ICT is a major industry in virtually all the SIDS, generating direct and indirect economic impacts. The ICT sector tends to account for a higher share of gross domestic product (GDP) in small islands than in other countries.

Telecommunication operators in the SIDS are often among the largest companies, contributing significantly to government tax revenues, and are leading sources of employment. The indirect economic impacts of ICTs are also significant, as shown by a number of recent studies. SIDS nevertheless face various challenges that need to be overcome for a productive and sustainable ICT sector.

Progress has been uneven and there is a major gap between the best-performing SIDS and the others. Prices remain high in a number of SIDS and the use of digital technologies to contribute to sustainable development is lagging behind.

The key recommendations of the study include:
• The regulatory environment needs to be strengthened to promote a dynamic and sustainable ICT sector. Over half the SIDS are in the second generation of regulation and facing difficulties confronting disruption to their ICT markets. In some SIDS, greater competition needs to be stimulated, while in others market attractiveness needs to be strengthened through transparent and flexible regulation; in addition, sufficient spectrum needs to be made available for wireless broadband, and operators diversification into new business lines such as mobile money should be considered.
• Fibre-optic connectivity via submarine cable is now or will soon be available in all but three SIDS. This has dramatically increased international bandwidth and the potential for the development of ICT-enabled services. Yet most SIDS have been slow to seize this opportunity and to foster digital entrepreneurship and innovation. Creating the conditions required to increase the use of ICT domestically and facilitate trade is vital in order to enable transformation to digital economies and reduce brain drain.
• Timely and relevant statistics are essential for policy-making and to monitor and fine-tune strategies. The availability of up-to-date ICT indicators in the SIDS varies. A few countries produce detailed sector-specific reports, some carry out annual surveys on household and individual ICT usage, while others include topics like Internet usage and household availability of digital devices in regular household surveys. The Eastern Caribbean Telecommunications Authority is notable for compiling supply-side telecommunication statistics for its five members. Most SIDS, however, collect ICT indicators sporadically, sometimes only as part of a decennial census. And in a handful of SIDS there are no official data for something as critical as Internet usage. It is imperative for SIDS to include ICT indicators in their national statistical systems.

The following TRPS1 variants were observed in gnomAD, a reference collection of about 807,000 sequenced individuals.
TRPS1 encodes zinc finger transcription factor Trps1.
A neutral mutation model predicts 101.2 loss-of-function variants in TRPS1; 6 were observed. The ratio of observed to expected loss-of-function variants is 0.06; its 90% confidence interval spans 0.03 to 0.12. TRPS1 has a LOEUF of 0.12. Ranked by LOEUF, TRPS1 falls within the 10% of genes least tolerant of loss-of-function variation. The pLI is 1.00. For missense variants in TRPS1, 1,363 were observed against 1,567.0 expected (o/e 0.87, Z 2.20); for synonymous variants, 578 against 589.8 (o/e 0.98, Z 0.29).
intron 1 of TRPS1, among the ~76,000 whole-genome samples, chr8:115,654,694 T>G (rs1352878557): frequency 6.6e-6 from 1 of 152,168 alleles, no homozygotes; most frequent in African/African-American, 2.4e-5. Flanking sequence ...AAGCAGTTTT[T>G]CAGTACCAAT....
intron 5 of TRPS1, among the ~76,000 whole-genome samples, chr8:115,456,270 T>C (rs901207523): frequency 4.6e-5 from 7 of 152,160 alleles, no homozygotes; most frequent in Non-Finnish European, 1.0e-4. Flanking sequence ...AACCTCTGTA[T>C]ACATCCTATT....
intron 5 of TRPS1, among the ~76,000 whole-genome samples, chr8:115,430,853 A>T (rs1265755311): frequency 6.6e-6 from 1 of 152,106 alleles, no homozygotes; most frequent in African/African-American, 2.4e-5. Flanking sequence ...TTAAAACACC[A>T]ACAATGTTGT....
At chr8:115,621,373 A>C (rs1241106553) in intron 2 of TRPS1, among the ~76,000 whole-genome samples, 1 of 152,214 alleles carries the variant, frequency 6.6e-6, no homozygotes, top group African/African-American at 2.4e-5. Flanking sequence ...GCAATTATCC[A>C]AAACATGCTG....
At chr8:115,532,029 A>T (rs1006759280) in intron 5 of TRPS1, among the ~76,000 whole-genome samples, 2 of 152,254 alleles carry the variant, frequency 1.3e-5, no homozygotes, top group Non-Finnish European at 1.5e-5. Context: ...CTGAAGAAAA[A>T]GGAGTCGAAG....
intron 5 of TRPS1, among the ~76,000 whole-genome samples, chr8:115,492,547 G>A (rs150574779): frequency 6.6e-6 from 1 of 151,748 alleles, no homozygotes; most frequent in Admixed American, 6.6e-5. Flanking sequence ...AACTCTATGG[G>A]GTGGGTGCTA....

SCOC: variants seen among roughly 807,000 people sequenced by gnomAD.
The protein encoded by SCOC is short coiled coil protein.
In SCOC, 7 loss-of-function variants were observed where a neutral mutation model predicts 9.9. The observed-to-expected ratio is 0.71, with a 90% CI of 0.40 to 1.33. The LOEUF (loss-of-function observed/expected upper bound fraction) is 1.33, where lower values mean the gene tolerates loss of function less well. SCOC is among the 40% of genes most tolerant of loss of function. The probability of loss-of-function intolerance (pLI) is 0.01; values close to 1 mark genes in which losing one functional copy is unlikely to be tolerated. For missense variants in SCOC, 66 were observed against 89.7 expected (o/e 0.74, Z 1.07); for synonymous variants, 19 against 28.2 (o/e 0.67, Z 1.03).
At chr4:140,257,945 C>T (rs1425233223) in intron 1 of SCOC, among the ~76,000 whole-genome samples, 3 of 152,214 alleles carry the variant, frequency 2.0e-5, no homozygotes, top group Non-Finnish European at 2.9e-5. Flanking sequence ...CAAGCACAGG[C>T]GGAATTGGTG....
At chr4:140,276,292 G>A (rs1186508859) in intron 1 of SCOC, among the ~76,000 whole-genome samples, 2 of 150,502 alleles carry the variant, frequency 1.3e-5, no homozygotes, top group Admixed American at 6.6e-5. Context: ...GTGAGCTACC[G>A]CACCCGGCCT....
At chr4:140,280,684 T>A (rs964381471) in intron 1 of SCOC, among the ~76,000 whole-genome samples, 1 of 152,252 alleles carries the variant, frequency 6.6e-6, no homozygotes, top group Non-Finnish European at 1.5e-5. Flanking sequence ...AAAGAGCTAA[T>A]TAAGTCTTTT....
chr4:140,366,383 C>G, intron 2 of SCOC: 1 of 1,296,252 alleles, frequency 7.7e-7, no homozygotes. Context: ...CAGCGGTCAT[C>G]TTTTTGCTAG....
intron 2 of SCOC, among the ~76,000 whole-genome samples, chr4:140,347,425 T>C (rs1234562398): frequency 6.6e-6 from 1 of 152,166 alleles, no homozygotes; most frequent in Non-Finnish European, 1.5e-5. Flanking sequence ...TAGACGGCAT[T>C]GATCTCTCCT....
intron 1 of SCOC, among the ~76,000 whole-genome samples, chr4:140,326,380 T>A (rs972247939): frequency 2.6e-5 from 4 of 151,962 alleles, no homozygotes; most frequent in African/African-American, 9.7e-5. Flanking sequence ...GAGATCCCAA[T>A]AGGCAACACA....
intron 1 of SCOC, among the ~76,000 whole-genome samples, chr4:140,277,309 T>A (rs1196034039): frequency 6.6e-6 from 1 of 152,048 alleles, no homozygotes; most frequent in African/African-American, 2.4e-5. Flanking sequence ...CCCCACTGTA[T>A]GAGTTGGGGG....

• While SIDS share many characteristics, there are huge differences between them. This is apparent in ICT infrastructure, use and applications, where there are wide gaps. Some SIDS are far ahead, with advanced infrastructure and high levels of use, while others lag behind. Support should be tailored for these different groups. Where there is medium to high ICT take-up, the potential exists to incorporate more advanced digital technologies to tackle development challenges. For SIDS lagging behind in ICT, efforts are required to create an environment conducive to expanding network infrastructure and developing regulatory expertise. In all the SIDS, there is significant scope for making greater use of digital technologies for sustainable development in order to achieve the Sustainable Development Goals (SDGs).